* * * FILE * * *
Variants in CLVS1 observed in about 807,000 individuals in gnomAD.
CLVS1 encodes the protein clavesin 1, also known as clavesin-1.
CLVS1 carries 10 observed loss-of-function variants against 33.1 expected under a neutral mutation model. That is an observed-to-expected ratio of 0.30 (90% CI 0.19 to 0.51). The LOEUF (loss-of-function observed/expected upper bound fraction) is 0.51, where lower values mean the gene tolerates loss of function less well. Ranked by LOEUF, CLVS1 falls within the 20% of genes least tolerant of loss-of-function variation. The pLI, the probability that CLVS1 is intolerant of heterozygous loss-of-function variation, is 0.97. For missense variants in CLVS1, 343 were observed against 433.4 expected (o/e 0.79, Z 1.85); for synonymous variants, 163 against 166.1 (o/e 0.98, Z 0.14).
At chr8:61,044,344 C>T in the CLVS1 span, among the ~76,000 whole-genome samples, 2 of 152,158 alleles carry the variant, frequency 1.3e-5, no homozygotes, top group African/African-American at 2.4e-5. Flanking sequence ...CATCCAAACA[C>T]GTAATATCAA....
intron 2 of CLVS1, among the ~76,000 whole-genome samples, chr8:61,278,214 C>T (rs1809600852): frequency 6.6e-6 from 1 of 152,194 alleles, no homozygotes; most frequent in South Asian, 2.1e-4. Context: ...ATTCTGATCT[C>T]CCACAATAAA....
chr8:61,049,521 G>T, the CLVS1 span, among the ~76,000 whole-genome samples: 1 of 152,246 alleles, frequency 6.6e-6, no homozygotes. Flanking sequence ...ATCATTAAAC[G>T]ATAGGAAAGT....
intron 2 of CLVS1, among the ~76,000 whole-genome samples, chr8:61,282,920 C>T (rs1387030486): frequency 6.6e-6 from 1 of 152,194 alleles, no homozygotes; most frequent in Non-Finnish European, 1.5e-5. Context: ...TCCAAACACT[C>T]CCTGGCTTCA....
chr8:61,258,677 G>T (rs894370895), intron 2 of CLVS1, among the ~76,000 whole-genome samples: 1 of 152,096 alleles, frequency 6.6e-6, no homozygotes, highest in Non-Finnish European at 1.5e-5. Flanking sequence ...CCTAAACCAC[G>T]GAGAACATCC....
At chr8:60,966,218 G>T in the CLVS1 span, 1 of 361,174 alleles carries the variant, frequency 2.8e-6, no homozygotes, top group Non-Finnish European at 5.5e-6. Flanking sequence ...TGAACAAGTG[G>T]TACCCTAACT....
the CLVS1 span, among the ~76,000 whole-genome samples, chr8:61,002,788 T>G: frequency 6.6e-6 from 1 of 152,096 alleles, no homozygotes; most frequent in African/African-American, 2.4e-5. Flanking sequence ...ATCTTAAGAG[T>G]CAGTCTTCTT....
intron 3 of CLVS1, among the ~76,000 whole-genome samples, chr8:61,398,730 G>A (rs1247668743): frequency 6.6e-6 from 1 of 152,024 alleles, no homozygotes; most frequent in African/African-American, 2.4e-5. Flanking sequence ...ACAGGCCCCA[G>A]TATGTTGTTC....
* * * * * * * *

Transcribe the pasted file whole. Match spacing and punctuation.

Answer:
Variants in CLVS1 observed in about 807,000 individuals in gnomAD.
CLVS1 encodes the protein clavesin 1, also known as clavesin-1.
CLVS1 carries 10 observed loss-of-function variants against 33.1 expected under a neutral mutation model. That is an observed-to-expected ratio of 0.30 (90% CI 0.19 to 0.51). The LOEUF (loss-of-function observed/expected upper bound fraction) is 0.51, where lower values mean the gene tolerates loss of function less well. Ranked by LOEUF, CLVS1 falls within the 20% of genes least tolerant of loss-of-function variation. The pLI, the probability that CLVS1 is intolerant of heterozygous loss-of-function variation, is 0.97. For missense variants in CLVS1, 343 were observed against 433.4 expected (o/e 0.79, Z 1.85); for synonymous variants, 163 against 166.1 (o/e 0.98, Z 0.14).
At chr8:61,044,344 C>T in the CLVS1 span, among the ~76,000 whole-genome samples, 2 of 152,158 alleles carry the variant, frequency 1.3e-5, no homozygotes, top group African/African-American at 2.4e-5. Flanking sequence ...CATCCAAACA[C>T]GTAATATCAA....
intron 2 of CLVS1, among the ~76,000 whole-genome samples, chr8:61,278,214 C>T (rs1809600852): frequency 6.6e-6 from 1 of 152,194 alleles, no homozygotes; most frequent in South Asian, 2.1e-4. Context: ...ATTCTGATCT[C>T]CCACAATAAA....
chr8:61,049,521 G>T, the CLVS1 span, among the ~76,000 whole-genome samples: 1 of 152,246 alleles, frequency 6.6e-6, no homozygotes. Flanking sequence ...ATCATTAAAC[G>T]ATAGGAAAGT....
intron 2 of CLVS1, among the ~76,000 whole-genome samples, chr8:61,282,920 C>T (rs1387030486): frequency 6.6e-6 from 1 of 152,194 alleles, no homozygotes; most frequent in Non-Finnish European, 1.5e-5. Context: ...TCCAAACACT[C>T]CCTGGCTTCA....
chr8:61,258,677 G>T (rs894370895), intron 2 of CLVS1, among the ~76,000 whole-genome samples: 1 of 152,096 alleles, frequency 6.6e-6, no homozygotes, highest in Non-Finnish European at 1.5e-5. Flanking sequence ...CCTAAACCAC[G>T]GAGAACATCC....
At chr8:60,966,218 G>T in the CLVS1 span, 1 of 361,174 alleles carries the variant, frequency 2.8e-6, no homozygotes, top group Non-Finnish European at 5.5e-6. Flanking sequence ...TGAACAAGTG[G>T]TACCCTAACT....
the CLVS1 span, among the ~76,000 whole-genome samples, chr8:61,002,788 T>G: frequency 6.6e-6 from 1 of 152,096 alleles, no homozygotes; most frequent in African/African-American, 2.4e-5. Flanking sequence ...ATCTTAAGAG[T>G]CAGTCTTCTT....
intron 3 of CLVS1, among the ~76,000 whole-genome samples, chr8:61,398,730 G>A (rs1247668743): frequency 6.6e-6 from 1 of 152,024 alleles, no homozygotes; most frequent in African/African-American, 2.4e-5. Flanking sequence ...ACAGGCCCCA[G>A]TATGTTGTTC....